Invaders Must Die is 40 minutes of having your head battered by future nostalgia, serotonin levels twisted by feel-good horrorcore and your synapses snapped by whiplash attitude. It's the sound of The Prodigy mixing up genres, contorting the past and rewiring the future, ram-raiding through the tranquility of music's status quo like a blot on the landscape of England's dreaming.
The first thing you notice about Invaders Must Die it is how complete it sounds, a consistent collection of bangers all firing from the same cannon. The next thing you notice about Invaders Must Die is just how melodic it is. Not just melody in the vocal sense but in the heyday-of-hardcore keyboard-hookline sense. Yes, if The Prodigy have learned anything from the hugely successful live shows was that those old skool rave anthems still rock hard - and are every bit as iconic to their generation as punk was to the nation's forty-somethings.
So Invaders Must Die is awash with references to the free party generation, thundering along like the mother of all E-rushes, all hairs tingling, spine jumping and lips buzzing. But not a retroactive arms-in-the-air, water-sharing nostalgia trip, but a set fuelled by punk's saliva-dripping rabid snarl. Take 'Colours', the first tune The Prodigy recorded for this set with it's 1992 polysynth riffing that sounds like The Stranglers' 'No More Heroes' parachuted into the middle of a Castlemorton circa 1992. Or 'Thunder', the 21st century bastard child of the classic 'Out of Space.'
‘Take Me To The Hospital' finds Keith and Maxim flexing over a vintage Prodigy riff. Suitably rusted, distorted and in need of urgent medication it bites like the soundtrack to Dante's Inferno. While the live favourite 'World’s On Fire' resurrects a 'flaming' theme and applies it to a groove straight out second album 'Music for the Jilted Generation. 'Omen' and ‘Warrior’s Dance’ are both beamed straight into the moshpit from rave central, while 'Piranha' rips the threads from the back of 60's garage and beats it into the filthy gutters of modern urban life.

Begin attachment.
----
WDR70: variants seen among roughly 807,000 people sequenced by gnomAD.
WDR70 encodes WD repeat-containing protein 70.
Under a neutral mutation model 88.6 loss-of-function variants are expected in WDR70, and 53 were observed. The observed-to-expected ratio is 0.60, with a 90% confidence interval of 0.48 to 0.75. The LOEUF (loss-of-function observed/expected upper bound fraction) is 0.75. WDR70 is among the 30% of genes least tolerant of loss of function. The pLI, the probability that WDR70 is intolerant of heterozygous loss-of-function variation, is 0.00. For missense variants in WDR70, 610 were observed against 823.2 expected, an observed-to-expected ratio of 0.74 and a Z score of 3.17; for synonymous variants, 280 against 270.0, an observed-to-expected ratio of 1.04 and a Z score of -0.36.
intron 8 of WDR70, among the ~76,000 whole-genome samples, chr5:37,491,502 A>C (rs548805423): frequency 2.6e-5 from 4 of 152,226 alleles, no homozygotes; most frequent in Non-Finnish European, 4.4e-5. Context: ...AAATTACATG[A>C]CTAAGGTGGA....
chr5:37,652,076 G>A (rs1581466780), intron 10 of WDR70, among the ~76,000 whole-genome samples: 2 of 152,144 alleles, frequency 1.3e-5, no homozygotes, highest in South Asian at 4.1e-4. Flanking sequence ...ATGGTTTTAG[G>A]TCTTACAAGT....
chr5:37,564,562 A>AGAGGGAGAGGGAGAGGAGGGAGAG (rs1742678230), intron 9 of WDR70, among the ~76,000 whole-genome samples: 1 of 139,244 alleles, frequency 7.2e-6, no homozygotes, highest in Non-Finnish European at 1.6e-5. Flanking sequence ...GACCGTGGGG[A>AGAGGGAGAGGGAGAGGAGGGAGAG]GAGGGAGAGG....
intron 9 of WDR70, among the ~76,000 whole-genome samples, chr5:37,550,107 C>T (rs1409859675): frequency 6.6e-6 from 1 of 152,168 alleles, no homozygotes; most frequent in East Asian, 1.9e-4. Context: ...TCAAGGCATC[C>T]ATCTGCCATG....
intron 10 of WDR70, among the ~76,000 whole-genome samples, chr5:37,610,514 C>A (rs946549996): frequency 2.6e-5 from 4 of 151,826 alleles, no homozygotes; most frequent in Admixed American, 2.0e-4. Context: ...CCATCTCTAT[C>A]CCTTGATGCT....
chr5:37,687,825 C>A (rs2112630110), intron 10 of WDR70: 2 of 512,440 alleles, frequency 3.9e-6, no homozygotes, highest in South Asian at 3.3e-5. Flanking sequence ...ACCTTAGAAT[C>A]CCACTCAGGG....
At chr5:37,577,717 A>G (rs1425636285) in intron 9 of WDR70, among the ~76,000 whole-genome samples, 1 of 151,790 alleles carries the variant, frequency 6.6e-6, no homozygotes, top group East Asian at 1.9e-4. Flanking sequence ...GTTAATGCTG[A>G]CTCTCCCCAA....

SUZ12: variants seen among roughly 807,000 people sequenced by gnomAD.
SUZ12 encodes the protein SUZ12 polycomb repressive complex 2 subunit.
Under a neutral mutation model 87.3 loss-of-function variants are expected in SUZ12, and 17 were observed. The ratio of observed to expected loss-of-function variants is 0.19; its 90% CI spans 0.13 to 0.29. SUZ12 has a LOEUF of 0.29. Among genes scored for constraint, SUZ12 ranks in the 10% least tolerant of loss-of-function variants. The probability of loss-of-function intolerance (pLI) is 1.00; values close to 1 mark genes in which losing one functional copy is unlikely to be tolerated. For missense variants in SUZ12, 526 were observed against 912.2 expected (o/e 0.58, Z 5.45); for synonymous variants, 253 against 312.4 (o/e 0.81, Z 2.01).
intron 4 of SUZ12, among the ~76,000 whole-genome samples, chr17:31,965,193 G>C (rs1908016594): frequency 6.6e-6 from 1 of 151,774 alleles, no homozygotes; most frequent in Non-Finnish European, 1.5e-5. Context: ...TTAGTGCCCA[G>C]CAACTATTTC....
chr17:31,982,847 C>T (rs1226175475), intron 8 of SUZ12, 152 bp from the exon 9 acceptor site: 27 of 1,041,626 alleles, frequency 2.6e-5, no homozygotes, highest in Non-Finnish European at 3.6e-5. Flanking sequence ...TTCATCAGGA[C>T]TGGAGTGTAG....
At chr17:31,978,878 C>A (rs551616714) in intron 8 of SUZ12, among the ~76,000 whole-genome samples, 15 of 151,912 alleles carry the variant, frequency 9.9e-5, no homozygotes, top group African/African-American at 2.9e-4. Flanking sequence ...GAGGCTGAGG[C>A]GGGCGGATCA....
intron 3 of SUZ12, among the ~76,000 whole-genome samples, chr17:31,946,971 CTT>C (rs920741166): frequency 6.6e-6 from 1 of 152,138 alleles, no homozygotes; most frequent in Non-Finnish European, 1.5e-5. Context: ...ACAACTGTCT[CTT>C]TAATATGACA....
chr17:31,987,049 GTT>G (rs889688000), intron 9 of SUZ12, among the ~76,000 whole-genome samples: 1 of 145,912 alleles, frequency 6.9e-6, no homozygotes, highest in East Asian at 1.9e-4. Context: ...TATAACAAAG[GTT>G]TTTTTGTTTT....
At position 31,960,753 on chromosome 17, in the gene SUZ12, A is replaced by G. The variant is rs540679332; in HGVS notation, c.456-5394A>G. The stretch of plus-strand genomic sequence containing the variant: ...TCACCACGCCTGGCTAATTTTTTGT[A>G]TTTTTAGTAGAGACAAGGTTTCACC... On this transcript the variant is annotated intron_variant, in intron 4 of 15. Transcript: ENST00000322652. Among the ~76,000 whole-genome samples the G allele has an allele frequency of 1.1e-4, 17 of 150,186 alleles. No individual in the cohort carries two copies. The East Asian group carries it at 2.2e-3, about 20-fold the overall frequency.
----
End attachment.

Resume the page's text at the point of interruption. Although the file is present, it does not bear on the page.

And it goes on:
Any old skool bonhomie floating around the riffs of this album are quickly slaughtered by 'Run With The Wolves' where The Prodigy's self-assured, gang-minded campaign turns into a maniacal, nose bleeding, heads-against-the-wall warzone. With added drum-pounding energy supplied by Dave Grohl.
And finally Invaders Must Die delivers its last brilliant twist with ‘Stand Up’ a horn-led sunrise anthem that aches with the positivity of a new dawn, walking the line of a burning horizon with the swaggering look of satisfaction that only comes when you instinctively know you've achieved what you set out to do.
Cocky? Perhaps, but wouldn't you be if you'd seen off all of the invaders with your most complete album yet, the first for your own record label?
Invaders Must Die is the unique sound of The Prodigy, still trespassing after all these years, walking the path they've created for themselves. And with that free party attitude still breaking and entering where others can only dream of following.
01. Invaders Must Die
05. Take Me To The Hospital
06. Warrior's Dance
07. Run With The Wolves
08. Omen Reprise
09. World’s On Fire
11. Stand Up